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by PopMatters Staff

1 Nov 2010


The fourth Kaya Project album Desert Phase Remixes is quite literally inspired by the desert landscape as it incorporates field recordings from those dry locales along with remixes from a number of top-notch contemporary producers. The remixers come from all over the world to offer up 13 tracks, with London’s Gaudi giving us the mesmerizing “Calico Stomp”.

by PopMatters Staff

1 Nov 2010


England’s Working for a Nuclear Free City worked on their new album The Jojo Burger Tempest from a British warehouse and a French cottage and, over the course of just a few days, came up with 2,800 song ideas, so they say. The latest evidence of this prolific streak of electronic rock goodness is “Alphaville”, the record’s second single. Decidely shoegazey with swirling textures, bubbling electronics and haunting choruses, “Alphaville” sounds like a distinct ecosystem captured in digital sound.

by Timothy Gabriele

1 Nov 2010


This video directed by Oneohtrix Point Never/Games member Daniel Lopatin proves that ‘80s retro-futurism is just as entertaining wedded to dystopian minimal wave as chill sunbaked tape jams and spacey arpeggio-laced mind melts. The song isn’t anything that D.A.F. didn’t have a 30-year head-start on, but it’s a catchy hook nonetheless.

by PopMatters Staff

29 Oct 2010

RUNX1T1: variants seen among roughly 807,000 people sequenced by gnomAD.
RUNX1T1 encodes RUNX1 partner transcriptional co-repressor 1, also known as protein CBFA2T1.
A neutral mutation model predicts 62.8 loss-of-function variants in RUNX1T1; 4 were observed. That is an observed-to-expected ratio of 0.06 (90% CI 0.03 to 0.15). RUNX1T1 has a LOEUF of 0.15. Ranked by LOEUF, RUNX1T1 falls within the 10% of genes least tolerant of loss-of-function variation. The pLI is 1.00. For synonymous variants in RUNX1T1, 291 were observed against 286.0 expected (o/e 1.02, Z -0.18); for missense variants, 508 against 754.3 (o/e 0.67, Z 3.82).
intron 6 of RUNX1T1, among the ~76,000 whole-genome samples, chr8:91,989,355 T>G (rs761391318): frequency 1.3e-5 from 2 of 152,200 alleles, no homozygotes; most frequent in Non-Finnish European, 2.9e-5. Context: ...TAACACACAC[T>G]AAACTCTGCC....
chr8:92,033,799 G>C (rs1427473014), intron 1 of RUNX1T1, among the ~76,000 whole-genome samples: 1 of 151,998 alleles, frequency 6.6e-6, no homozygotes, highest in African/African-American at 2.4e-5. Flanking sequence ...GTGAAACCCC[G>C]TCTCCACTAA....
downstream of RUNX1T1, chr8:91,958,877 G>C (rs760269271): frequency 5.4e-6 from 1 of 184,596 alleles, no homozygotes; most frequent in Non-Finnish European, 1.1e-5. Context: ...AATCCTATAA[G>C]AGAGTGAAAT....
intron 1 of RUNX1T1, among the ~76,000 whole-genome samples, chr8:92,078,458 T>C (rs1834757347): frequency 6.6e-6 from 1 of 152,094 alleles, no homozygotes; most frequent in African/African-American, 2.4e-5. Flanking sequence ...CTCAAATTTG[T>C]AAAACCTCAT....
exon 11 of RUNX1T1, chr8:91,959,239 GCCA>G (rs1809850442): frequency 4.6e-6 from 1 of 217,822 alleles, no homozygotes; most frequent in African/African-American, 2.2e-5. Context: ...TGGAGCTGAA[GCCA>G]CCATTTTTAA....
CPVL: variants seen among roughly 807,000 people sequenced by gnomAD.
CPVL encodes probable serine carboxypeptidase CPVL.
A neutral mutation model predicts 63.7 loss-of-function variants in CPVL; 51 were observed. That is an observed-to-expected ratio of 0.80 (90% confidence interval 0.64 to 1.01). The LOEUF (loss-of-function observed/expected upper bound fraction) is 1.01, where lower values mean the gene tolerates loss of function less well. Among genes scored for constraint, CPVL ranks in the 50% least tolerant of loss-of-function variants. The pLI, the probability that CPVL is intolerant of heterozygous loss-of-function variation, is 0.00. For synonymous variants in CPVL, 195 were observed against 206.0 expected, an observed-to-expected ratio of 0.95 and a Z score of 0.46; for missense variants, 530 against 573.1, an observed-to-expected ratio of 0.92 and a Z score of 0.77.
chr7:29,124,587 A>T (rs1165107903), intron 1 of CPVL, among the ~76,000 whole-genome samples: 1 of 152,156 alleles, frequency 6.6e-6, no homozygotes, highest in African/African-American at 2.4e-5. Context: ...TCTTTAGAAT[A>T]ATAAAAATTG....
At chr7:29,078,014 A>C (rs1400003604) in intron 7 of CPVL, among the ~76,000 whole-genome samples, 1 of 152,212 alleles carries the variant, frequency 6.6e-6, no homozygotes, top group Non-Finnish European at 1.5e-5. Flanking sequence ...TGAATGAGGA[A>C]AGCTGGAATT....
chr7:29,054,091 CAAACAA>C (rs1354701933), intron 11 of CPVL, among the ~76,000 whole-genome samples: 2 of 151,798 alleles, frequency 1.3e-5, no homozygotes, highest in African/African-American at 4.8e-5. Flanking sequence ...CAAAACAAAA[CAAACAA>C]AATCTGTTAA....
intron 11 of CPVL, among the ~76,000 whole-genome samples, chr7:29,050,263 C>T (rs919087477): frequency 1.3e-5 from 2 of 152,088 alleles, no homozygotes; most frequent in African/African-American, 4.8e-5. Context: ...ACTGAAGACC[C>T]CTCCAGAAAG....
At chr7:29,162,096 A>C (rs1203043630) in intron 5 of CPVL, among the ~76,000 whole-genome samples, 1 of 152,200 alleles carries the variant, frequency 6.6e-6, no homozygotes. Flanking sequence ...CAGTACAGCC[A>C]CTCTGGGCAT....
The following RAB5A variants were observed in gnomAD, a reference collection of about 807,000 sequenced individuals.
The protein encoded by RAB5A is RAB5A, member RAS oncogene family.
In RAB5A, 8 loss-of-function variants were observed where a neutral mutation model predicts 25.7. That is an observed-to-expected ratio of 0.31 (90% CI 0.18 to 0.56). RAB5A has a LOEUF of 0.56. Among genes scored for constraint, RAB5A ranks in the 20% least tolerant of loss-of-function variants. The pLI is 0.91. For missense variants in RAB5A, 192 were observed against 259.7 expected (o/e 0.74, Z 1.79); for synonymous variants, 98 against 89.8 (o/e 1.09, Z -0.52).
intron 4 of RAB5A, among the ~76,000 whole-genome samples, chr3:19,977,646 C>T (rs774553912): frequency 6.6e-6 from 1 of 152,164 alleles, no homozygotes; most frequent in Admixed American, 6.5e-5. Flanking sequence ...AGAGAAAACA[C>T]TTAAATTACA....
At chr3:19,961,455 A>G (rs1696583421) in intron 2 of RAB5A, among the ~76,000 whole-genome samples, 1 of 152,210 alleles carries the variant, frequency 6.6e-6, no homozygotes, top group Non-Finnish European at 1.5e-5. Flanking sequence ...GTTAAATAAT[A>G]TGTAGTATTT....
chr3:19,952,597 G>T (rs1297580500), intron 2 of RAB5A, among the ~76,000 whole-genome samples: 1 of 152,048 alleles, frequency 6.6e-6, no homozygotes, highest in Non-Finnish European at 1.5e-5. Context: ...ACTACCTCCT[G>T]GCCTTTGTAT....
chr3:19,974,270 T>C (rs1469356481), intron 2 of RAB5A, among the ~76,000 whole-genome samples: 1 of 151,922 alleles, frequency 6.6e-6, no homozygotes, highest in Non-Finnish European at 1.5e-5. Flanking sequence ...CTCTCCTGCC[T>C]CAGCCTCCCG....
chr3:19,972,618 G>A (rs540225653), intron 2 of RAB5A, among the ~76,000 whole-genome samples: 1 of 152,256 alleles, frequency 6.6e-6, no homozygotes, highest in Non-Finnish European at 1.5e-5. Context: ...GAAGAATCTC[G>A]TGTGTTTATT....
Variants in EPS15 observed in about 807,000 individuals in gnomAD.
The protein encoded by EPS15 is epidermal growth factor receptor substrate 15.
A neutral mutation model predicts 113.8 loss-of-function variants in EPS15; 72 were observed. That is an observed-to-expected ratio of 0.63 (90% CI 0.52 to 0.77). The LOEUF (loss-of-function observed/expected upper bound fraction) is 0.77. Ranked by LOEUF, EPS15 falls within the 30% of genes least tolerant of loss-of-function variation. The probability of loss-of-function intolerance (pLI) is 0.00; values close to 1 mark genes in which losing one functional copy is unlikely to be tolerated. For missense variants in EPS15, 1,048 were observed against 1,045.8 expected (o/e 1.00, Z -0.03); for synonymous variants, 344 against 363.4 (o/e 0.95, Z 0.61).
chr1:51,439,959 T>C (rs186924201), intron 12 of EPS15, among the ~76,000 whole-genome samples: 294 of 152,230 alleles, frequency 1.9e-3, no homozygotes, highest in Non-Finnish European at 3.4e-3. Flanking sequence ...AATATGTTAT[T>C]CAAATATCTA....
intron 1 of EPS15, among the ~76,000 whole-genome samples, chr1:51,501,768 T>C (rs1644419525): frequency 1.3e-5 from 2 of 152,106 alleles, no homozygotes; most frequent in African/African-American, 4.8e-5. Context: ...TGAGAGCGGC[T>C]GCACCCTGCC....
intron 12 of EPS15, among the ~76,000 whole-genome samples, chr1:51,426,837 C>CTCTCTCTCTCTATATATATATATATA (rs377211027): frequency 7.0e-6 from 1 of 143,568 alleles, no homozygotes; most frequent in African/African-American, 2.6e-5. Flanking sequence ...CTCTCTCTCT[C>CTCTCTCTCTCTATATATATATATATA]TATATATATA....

Portland’s Horse Feathers has already impressed this year with Thistled Spring. Matthew Fiander wrote that Justin Ringle’s singing was in top form and that the album evoked the “sound of rebirth” and went on to discuss how the record ” is bracing because it refuses to wallow anymore. It recognizes all the past’s ache, and gives it a sound, but the album turns itself over to hope in the end.” The band has more in store for us this year with a superb 7-inch single releasing next Tuesday, with a moving cover of Nirvana’s “Drain You” as the A-side, backed by “Bonnet of Briars”. We are extremely proud to present the online premiere of “Drain You” this afternoon. Make sure you pick up the 7-inch release too because, you know, vinyl really does rule.

by Joseph Fisher

29 Oct 2010


Of all the various consumes that Vanilla Ice has donned over the years (pop-rap crossover icon, street thug, hardcore metalhead), this latest—that of a home improvement contractor—might be his most sincere. Now airing on the DiY Network, The Vanilla Ice Project follows Robert Van Winkle as he renovates multi-million dollar mansions. The early episodes are pretty promising, showcasing his impressive knowledge of construction, as well as his theatrical skill in front of the camera. 

All-in-all, as unlikely as it might sound, The Vanilla Ice Project works quite well. Of course, there’s no guarantee on how long the show will work. But, just like a fresh coat of paint in your living room, it’s good for now. 

Now, if Mike Holmes would put on some of Ice’s old parachute pants while doing his work, that would be a show to catch.

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Violin Virtuoso L. Subramaniam Mesmerizes in Rare New York Performance (Photos)

// Notes from the Road

"Co-presented by the World Music Institute, the 92Y hosted a rare and mesmerizing performance from India's violin virtuoso L. Subramaniam.

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